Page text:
Immigrant Legislation #6: How Old Testament Law Dramatically Changes Today’s Legislation Debate
Oct 04, 2010 by M. Daniel Carroll R. | 0 Comments
Elections in this country are fast approaching. Poll numbers are beginning to capture headlines, and politicians’ positions on a variety of topics are appearing in media ads, radio and television interviews, and editorial pages. An important topic that is on the table, of course, is immigration reform.
How are we to process what is being said about where legislation should go? There are those favoring stricter regulations and others who argue for a comprehensive reform that can lead to constructive change in the present unworkable system.
Several of our blogs have surveyed the content and motivations of Old Testament laws dealing with those from the outside. The motivations to welcome them are compelling. First, Israel had been outsiders once and had been mistreated; therefore, they should never act that way toward the newcomers in their midst. Second, they were to love those from elsewhere because God does. The key passage there is Deuteronomy 10:12-21. Those two foundational reasons still apply today.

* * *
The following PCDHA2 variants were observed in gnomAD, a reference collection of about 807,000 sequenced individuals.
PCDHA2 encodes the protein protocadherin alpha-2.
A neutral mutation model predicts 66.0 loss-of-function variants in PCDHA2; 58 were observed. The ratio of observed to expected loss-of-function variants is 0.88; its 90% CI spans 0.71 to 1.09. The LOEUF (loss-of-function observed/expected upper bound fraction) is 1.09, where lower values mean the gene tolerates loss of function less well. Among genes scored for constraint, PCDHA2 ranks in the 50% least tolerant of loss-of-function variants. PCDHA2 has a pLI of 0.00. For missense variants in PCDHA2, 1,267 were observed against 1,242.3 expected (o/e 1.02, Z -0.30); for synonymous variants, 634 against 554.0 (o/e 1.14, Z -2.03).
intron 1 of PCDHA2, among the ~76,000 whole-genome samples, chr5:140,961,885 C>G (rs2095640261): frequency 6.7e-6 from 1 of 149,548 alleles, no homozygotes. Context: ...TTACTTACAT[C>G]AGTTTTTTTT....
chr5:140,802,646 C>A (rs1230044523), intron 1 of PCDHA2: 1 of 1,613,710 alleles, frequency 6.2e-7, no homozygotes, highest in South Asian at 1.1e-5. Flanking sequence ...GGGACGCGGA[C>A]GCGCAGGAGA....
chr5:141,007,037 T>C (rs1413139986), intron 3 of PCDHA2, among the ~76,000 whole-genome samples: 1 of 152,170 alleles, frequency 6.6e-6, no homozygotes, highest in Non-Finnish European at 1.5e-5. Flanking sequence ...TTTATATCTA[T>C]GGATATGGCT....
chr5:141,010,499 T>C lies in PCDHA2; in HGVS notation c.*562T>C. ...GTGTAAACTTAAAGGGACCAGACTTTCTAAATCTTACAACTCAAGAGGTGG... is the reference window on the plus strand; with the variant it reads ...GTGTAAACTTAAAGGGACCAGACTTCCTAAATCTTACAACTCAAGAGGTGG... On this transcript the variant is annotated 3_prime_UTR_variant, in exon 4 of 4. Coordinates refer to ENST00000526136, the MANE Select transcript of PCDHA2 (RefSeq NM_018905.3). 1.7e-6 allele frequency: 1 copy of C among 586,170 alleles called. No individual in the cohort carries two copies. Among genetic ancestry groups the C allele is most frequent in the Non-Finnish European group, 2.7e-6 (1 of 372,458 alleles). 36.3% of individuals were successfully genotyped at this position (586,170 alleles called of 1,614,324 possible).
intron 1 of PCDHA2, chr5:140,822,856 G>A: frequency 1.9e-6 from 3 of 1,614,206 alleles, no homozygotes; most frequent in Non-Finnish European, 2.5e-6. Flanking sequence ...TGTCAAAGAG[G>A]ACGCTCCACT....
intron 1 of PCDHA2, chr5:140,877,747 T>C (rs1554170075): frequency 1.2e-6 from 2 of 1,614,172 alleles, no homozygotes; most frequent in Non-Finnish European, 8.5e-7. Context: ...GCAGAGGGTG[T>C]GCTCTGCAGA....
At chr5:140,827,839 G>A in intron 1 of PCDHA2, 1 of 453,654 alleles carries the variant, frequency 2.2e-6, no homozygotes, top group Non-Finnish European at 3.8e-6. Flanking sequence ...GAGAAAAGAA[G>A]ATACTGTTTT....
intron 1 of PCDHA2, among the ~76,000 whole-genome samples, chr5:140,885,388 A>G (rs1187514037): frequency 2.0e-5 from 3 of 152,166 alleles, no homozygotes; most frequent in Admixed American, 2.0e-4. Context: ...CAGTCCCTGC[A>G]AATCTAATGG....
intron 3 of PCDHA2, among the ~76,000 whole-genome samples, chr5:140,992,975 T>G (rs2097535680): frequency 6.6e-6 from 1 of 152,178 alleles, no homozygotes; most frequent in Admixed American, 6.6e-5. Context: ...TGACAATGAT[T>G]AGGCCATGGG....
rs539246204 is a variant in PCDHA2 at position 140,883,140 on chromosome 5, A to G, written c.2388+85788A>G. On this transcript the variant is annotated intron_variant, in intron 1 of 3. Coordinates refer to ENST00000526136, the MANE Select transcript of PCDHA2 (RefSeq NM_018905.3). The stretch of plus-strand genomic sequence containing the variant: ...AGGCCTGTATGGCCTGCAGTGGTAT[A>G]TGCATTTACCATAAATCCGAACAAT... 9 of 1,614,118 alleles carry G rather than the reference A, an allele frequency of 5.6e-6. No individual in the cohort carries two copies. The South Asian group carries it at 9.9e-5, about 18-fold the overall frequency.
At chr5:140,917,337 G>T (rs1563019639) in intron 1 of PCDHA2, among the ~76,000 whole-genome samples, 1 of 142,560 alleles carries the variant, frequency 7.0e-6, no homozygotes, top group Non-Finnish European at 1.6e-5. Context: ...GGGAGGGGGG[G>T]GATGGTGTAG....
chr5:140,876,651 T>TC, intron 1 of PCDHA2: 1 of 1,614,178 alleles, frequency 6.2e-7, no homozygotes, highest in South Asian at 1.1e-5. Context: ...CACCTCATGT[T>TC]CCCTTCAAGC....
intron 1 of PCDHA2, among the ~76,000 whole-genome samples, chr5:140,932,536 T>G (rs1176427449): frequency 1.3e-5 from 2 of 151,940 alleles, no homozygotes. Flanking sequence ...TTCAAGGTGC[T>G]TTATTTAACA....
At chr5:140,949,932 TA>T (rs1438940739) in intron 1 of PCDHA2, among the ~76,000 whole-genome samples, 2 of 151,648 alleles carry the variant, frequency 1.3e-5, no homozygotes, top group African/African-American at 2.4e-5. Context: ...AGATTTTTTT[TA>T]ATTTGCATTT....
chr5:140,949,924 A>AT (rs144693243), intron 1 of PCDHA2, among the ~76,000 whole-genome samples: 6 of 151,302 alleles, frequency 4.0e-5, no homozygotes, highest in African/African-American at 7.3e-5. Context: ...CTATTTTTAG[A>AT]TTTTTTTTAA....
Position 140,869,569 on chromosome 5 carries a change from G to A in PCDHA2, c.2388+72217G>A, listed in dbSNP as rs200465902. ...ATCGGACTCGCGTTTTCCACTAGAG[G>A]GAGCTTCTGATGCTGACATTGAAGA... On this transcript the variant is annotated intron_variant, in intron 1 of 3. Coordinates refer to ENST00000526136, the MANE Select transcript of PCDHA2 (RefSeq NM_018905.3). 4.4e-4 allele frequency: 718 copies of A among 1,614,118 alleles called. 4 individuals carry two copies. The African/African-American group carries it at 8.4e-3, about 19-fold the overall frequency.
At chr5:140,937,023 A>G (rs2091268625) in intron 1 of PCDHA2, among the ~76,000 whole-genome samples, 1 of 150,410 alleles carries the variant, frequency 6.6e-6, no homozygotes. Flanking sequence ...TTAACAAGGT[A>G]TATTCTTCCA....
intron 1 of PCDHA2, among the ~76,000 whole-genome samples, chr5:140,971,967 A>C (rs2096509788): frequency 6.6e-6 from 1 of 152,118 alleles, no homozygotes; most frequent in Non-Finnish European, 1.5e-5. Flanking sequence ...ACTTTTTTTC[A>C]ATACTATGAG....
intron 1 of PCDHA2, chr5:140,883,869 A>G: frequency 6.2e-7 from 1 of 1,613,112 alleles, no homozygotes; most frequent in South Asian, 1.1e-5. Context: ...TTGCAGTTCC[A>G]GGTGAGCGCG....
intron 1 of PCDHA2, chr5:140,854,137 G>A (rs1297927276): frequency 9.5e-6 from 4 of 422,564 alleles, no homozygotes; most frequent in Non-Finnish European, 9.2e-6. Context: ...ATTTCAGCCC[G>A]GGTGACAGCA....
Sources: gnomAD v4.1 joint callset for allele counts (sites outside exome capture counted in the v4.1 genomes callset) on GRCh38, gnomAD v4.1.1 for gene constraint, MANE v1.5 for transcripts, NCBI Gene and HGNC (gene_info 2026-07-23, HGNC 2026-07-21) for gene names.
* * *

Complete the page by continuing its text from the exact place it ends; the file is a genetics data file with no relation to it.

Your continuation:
All of this should lead to a fundamental shift in how one perceives immigrant legislation. Too much discussion and emotions have been spent on tackling the issue from a rights perspective: the right of immigrants to a better future for themselves and their families, fair labor practices, and basic legal process VERSUS the right of this country to protect its borders and preserve its way of life.
Old Testament Law moves us in a very different direction. From God’s perspective, it is not a question of rights that should drive the discussion (although the points made on both sides need to be addressed). Rather, immigrant law is an issue of moral obligation – that is, the moral obligation of the host majority culture to treat the vulnerable outsider in a way that not only reflects history honestly, but also in a manner that reflects God’s very person and actions toward those very same people.
Old Testament Law takes for granted that outsiders will learn the ways of Israel, but it never addresses them directly. Instead, it is directed at the people of God and holds them accountable for how they engage the immigrant. Moral obligation is the bottom line.
Should Christians not begin from this point of view? It is not difficult to see that this starting point would dramatically change the tone and content of the national debate. How the premise of moral obligation is dealt with reveals the true heart of those engaged in the debate and the most basic motivations for dealing with immigrants. Are they a burden, a people to be avoided and pushed out? Or, do immigrants actually serve as a mirror to our relationship with God? How shall the church—and the nation—respond to the divine imperative—the moral obligation—to love the outsider?